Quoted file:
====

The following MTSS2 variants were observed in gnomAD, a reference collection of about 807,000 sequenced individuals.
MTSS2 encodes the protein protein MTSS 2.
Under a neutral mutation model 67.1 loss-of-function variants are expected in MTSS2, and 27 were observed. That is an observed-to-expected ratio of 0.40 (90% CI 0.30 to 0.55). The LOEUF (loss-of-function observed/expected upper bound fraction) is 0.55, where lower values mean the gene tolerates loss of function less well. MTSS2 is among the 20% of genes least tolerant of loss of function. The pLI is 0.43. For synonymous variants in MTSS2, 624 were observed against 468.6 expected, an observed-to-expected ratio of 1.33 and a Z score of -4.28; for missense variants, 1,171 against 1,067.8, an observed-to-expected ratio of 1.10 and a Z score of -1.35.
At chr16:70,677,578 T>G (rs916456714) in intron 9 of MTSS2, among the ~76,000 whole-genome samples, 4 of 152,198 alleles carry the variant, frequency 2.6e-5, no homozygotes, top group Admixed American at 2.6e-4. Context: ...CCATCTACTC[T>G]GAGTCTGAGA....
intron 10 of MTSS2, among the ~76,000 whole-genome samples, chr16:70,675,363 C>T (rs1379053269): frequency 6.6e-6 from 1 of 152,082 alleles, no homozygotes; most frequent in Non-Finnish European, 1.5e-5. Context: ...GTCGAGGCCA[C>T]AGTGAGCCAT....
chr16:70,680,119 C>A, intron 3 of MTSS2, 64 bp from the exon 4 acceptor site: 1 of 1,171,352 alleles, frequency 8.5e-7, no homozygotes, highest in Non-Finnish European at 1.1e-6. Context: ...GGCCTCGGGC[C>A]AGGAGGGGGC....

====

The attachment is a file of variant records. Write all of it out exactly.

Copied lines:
The following MTSS2 variants were observed in gnomAD, a reference collection of about 807,000 sequenced individuals.
MTSS2 encodes the protein protein MTSS 2.
Under a neutral mutation model 67.1 loss-of-function variants are expected in MTSS2, and 27 were observed. That is an observed-to-expected ratio of 0.40 (90% CI 0.30 to 0.55). The LOEUF (loss-of-function observed/expected upper bound fraction) is 0.55, where lower values mean the gene tolerates loss of function less well. MTSS2 is among the 20% of genes least tolerant of loss of function. The pLI is 0.43. For synonymous variants in MTSS2, 624 were observed against 468.6 expected, an observed-to-expected ratio of 1.33 and a Z score of -4.28; for missense variants, 1,171 against 1,067.8, an observed-to-expected ratio of 1.10 and a Z score of -1.35.
At chr16:70,677,578 T>G (rs916456714) in intron 9 of MTSS2, among the ~76,000 whole-genome samples, 4 of 152,198 alleles carry the variant, frequency 2.6e-5, no homozygotes, top group Admixed American at 2.6e-4. Context: ...CCATCTACTC[T>G]GAGTCTGAGA....
intron 10 of MTSS2, among the ~76,000 whole-genome samples, chr16:70,675,363 C>T (rs1379053269): frequency 6.6e-6 from 1 of 152,082 alleles, no homozygotes; most frequent in Non-Finnish European, 1.5e-5. Context: ...GTCGAGGCCA[C>T]AGTGAGCCAT....
chr16:70,680,119 C>A, intron 3 of MTSS2, 64 bp from the exon 4 acceptor site: 1 of 1,171,352 alleles, frequency 8.5e-7, no homozygotes, highest in Non-Finnish European at 1.1e-6. Context: ...GGCCTCGGGC[C>A]AGGAGGGGGC....